Babe is a 90-minute antidote to the poison of tribalism.
A piglet with an “unprejudiced heart” is spared the slaughterhouse and plopped into a bucolic farm early into Babe, a rare classic of children’s cinema not associated with Disney’s phoenix-like rebirth in the early ‘90s. This ingenious Australian-American collaboration became an unlikely critical and commercial smash in 1995, earning a quarter-billion dollars in box-office receipts worldwide, garnering seven Academy Award nominations (including Best Picture) and winning the Oscar for Best Visual Effects. And yet, to the extent that Babe is remembered, it’s merely known as The Talking Pig Movie TM.
This, of course, is a misnomer. Every beast in Hoggett’s farm, not just our title porker, speaks with anthropomorphic fluency. But that one-dimensional moniker sums up the depressing legacy of an extraordinary film. Babe’s cinematic perfection – a nimble tightrope-act that crisscrosses joy and pathos, comedy and tragedy, whimsy and mortality – endures. Its central theme, that curiosity and kindness should be the standard for all social exchanges, resonates more than ever today.
Babe is a 90-minute antidote to the poison of tribalism. Our protagonist gets an earful about “the way things are.” Some species (like dogs and horses) are utilitarian and the rest (fowl, mostly) are chewed, swallowed, and digested. Babe falls into the latter cohort. But he transcends his own lot by becoming an expert sheepdog, and a total skeptic. Sheep are dumb (so say the dogs). Dogs are bloodthirsty (according to the sheep). On his own, Babe discovers both are wrong and worthy of dignity. “Some Pig,” in the parlance of a different (beloved) story, overturns cynical conventions and quietly triumphs in the end.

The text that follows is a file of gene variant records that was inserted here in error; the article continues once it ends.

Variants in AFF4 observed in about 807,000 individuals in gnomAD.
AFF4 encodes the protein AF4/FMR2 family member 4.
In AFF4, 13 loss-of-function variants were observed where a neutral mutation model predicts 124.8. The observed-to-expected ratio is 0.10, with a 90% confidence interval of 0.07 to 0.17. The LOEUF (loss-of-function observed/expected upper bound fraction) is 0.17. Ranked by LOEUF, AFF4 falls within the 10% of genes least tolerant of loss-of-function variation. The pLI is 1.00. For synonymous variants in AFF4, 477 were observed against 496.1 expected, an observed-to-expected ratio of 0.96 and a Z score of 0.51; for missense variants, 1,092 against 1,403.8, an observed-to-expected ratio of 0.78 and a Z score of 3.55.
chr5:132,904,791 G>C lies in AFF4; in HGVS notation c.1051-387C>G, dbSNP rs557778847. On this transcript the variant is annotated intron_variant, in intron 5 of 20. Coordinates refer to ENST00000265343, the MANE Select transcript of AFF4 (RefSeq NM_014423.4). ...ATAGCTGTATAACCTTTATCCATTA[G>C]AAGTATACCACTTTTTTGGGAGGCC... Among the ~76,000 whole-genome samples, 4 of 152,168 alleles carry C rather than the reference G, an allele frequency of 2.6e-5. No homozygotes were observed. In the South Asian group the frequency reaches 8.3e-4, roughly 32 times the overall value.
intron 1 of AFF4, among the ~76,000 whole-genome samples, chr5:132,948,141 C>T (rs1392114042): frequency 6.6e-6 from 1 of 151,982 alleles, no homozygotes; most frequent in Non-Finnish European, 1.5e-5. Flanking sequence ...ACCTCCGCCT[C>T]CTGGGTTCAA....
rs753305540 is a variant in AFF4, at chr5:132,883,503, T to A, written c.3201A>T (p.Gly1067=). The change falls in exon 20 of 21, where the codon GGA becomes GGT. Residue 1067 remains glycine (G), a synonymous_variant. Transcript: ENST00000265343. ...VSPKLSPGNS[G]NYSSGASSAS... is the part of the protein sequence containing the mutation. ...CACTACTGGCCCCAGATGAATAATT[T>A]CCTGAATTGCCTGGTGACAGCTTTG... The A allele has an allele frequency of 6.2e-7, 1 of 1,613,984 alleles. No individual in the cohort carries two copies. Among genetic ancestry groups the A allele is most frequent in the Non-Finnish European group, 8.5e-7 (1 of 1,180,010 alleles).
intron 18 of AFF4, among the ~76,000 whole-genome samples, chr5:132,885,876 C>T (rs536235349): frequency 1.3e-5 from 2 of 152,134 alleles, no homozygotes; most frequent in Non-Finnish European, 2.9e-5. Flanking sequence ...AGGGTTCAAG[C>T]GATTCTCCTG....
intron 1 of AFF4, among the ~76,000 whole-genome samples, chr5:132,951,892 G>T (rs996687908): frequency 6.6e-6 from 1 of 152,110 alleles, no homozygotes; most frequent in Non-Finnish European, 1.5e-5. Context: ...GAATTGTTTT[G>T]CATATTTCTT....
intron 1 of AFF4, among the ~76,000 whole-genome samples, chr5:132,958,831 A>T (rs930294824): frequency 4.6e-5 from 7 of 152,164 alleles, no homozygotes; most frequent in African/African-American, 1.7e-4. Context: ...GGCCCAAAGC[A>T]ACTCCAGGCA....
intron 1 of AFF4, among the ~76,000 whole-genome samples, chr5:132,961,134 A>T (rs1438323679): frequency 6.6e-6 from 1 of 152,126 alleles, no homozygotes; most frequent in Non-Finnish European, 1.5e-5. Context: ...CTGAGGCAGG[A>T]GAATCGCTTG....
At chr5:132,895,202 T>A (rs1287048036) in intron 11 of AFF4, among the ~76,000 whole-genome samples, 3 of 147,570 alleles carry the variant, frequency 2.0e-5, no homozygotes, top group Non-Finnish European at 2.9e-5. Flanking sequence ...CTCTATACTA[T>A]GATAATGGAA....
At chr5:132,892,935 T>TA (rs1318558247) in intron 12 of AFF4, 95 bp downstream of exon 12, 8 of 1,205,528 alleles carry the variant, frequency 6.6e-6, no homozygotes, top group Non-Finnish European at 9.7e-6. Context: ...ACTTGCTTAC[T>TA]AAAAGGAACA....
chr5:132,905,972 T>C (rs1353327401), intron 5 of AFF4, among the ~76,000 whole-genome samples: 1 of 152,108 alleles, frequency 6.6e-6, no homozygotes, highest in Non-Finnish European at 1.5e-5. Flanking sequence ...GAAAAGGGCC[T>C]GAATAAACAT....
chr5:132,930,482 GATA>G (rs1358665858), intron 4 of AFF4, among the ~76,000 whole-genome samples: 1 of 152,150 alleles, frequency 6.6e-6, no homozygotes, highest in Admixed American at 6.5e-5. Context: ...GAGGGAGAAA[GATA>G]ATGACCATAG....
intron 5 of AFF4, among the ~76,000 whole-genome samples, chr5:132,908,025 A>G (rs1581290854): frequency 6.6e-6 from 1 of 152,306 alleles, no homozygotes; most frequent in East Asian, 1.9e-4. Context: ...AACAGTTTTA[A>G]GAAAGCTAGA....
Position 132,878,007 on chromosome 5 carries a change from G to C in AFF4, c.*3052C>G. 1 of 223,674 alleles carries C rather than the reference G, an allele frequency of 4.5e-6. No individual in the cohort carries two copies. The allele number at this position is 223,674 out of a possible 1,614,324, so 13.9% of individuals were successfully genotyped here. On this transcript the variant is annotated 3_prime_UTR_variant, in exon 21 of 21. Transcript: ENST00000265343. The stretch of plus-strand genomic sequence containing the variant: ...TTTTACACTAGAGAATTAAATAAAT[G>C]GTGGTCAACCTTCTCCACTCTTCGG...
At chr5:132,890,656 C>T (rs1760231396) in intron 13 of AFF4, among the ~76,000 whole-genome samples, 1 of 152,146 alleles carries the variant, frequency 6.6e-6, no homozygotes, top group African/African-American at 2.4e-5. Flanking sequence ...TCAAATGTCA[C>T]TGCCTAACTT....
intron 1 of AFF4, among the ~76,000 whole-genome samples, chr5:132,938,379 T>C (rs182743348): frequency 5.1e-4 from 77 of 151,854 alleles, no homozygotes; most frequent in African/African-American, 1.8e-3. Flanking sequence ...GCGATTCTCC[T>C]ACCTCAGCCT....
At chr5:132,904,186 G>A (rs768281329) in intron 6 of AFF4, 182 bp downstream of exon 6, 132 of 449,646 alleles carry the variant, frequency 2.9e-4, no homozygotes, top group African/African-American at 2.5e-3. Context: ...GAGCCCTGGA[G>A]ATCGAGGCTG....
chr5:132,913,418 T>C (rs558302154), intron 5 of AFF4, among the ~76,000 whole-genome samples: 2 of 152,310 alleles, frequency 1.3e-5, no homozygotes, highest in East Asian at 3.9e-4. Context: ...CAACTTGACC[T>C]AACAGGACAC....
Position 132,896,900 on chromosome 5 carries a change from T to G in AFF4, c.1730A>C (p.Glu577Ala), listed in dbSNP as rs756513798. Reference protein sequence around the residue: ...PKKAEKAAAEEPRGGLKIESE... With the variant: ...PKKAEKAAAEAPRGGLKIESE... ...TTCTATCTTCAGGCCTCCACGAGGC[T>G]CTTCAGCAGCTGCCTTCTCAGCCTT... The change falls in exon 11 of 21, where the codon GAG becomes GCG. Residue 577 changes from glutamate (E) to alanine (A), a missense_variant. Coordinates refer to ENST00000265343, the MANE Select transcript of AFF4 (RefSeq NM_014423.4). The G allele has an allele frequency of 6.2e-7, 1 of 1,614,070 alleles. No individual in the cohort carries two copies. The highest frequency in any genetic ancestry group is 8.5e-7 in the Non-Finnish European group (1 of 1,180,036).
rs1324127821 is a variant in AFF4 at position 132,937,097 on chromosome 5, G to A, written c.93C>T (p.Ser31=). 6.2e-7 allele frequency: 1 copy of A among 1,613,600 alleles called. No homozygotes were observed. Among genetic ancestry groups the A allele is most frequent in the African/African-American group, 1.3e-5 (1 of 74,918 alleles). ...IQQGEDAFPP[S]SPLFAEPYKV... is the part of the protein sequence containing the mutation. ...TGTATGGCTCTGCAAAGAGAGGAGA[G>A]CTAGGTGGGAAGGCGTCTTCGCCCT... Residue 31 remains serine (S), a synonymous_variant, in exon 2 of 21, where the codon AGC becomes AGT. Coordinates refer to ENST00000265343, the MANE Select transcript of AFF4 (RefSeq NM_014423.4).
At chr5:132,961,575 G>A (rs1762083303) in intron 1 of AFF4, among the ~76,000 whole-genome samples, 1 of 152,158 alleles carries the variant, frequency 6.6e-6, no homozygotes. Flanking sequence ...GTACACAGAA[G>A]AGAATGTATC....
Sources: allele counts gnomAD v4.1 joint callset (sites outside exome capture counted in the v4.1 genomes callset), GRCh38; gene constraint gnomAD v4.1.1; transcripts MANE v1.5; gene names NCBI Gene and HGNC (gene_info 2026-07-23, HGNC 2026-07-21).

Babe remains a singular and elegant fable, astonishing at every turn and gorgeous throughout. Director Chris Noonan adapts Dick King-Smith’s source novel with an assist by George Miller (Mad Max: Fury Road), who would go on to take Babe into weirder, surrealistic places. This film, however, is firmly grounded in a verdant countryside teeming with real animal actors and state-of-the-art puppetry, which blur together. These two methods of visual storytelling are seamlessly integrated and indistinguishable to the modern eye.
Technical achievements notwithstanding, Babe endures as a moral lodestone, a compelling argument for vegetarianism. By giving livestock interiority, the film calls into question the ethics of meat-eating. James Cromwell swore off animal flesh after starring in Babe. I, too, adopted a plant-based diet for half a decade following my first viewing. I’ve since reverted back to carnivorous urges, which makes Babe all the more difficult to revisit.
This indelible tale mirrors William Blake’s Songs of Innocence and Experience in reverse. On the Hoggett farm, Babe learns the reality of death and embraces life with an adoptive mother, a Border Collie named Fly. Experience is thrust against his snout. Babe becomes a groundbreaking sheep-pig because his unrelenting innocence makes him a four-legged champion, a porcine prodigy, an oinking hero.